Beginning January 1, 2014 several changes to California Labor Code relating to public works and the prevailing wages took effect. These changes benefit employees by:
All too often employers take advantage of their employees. These changes help ensure that workers are paid what they have earned and should be paid according to the law as outlined in the California Labor Code.
A key change to the law in California is the extension of time during which the Labor Commissioner or his/her designee can bring an action against the contractor or sub-contractor for the non-payment of prevailing wages. Prior to January 1, 2014, the Labor Commissioner or a joint labor-management committee established pursuant to the federal Labor Management Cooperation Act of 1978 (29 U.S.C. Sec. 175a) could only bring an action within 180 days of a complaint or 180 days after the acceptance of the public work, whichever occurs last. The new law (AB 1336) extends the period from 180 days to 18 months. This is a significant change for several reasons:
Prevailing wage claims involve considerable investigation and documentation. Giving employees extra time is a definite advantage for workers who have been harmed by fraudulent and unfair practices.
In addition to the interest that can accrue on all due and unpaid wages owed from the date that the wages were due until the wages were actually paid, AB 1336 adds Liquidated Damages.
Liquidated damages may be added to the wage amount owed as a penalty to the employer for failing to pay the proper wage amount. Liquidated damages can be equal to the amount owed in wages, which essentially doubles the wage damages that the employee can recover if a valid claim for wages is not paid or covered within 60 days of service of the complaint.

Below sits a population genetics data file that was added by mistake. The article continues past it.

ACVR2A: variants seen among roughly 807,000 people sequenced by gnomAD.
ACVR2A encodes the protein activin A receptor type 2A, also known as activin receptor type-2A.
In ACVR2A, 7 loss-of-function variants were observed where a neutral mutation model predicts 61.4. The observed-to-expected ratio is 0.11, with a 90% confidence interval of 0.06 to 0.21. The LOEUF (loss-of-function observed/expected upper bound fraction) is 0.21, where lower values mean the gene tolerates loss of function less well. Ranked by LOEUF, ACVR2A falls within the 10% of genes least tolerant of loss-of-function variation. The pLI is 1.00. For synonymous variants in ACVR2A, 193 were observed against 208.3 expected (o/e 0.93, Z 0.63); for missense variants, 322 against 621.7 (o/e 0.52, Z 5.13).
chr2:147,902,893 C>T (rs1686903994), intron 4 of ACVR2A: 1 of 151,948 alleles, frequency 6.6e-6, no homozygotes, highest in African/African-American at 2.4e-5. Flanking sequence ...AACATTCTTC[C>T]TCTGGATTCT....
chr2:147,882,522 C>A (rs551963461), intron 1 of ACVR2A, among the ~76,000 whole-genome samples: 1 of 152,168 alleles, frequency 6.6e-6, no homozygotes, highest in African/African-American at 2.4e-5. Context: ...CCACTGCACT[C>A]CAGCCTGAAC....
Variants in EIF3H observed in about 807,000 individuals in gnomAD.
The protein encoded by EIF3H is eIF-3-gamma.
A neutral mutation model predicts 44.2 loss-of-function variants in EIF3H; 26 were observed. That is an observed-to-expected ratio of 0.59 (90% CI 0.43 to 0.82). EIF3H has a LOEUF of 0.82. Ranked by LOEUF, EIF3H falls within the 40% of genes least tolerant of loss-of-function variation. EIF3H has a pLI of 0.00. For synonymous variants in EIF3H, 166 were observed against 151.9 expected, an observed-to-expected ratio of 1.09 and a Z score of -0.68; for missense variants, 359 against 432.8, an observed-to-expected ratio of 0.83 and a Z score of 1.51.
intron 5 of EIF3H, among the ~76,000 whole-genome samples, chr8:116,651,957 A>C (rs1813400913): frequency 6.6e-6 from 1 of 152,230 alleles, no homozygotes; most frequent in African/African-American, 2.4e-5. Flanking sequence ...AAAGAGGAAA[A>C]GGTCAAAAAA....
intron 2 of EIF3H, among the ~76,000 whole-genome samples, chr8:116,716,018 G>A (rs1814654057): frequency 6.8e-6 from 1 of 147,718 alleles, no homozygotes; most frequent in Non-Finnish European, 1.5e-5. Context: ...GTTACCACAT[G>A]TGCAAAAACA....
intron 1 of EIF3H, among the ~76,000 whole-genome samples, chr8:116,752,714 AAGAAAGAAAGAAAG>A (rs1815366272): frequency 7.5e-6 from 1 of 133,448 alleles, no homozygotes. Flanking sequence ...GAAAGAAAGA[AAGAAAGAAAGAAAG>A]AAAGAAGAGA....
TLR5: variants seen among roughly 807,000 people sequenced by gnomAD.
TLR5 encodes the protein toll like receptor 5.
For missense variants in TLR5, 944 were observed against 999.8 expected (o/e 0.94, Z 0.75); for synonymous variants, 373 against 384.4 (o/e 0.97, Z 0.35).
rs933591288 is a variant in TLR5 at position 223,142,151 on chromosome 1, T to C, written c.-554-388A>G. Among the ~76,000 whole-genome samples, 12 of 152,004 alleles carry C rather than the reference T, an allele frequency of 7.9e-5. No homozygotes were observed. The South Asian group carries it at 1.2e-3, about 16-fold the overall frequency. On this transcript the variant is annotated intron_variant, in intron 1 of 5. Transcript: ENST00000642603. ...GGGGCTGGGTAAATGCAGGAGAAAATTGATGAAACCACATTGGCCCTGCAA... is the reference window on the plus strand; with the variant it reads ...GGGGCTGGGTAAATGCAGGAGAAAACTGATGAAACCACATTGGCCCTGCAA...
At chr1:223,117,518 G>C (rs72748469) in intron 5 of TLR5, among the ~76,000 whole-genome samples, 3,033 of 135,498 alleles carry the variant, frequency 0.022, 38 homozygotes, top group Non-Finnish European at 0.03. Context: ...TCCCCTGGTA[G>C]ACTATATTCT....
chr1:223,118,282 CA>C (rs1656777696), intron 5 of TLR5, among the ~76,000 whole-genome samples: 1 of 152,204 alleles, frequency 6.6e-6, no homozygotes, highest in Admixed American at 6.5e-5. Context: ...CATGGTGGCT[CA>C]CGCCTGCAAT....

This penalty serves as an extra incentive for employers to right wrongs as soon as they come to light. It also takes some pressure off the employees to settle before an equitable resolution is reached.
Another key provision of AB 1336 is that it provides greater access to payroll details for investigators reviewing Certified Payroll Records (CPRs) and other records of wages paid on public works projects. These investigators will now be able to review names and addresses for workers associated with payroll records for prevailing wage projects. This will serve as a deterrent for unfair practices and prevents employers from hiding behind redacted CPRs, which made it harder to identify workers on a project.
The State of California initiates many public work projects. All of these projects are subject to prevailing wage laws. Workers on these projects must be paid the approved rate for their classification.
There are many ways in which a worker may be paid an unfair wage. They could be misclassified. They could be shorted on their hours. They could be uncompensated for meals and breaks. The new California wage law (AB 1336) takes several important steps in the right direction in protecting worker rights. Read the law here.
If you have questions about prevailing wage law or have been unfairly compensated, Donahoo & Associates is here to help.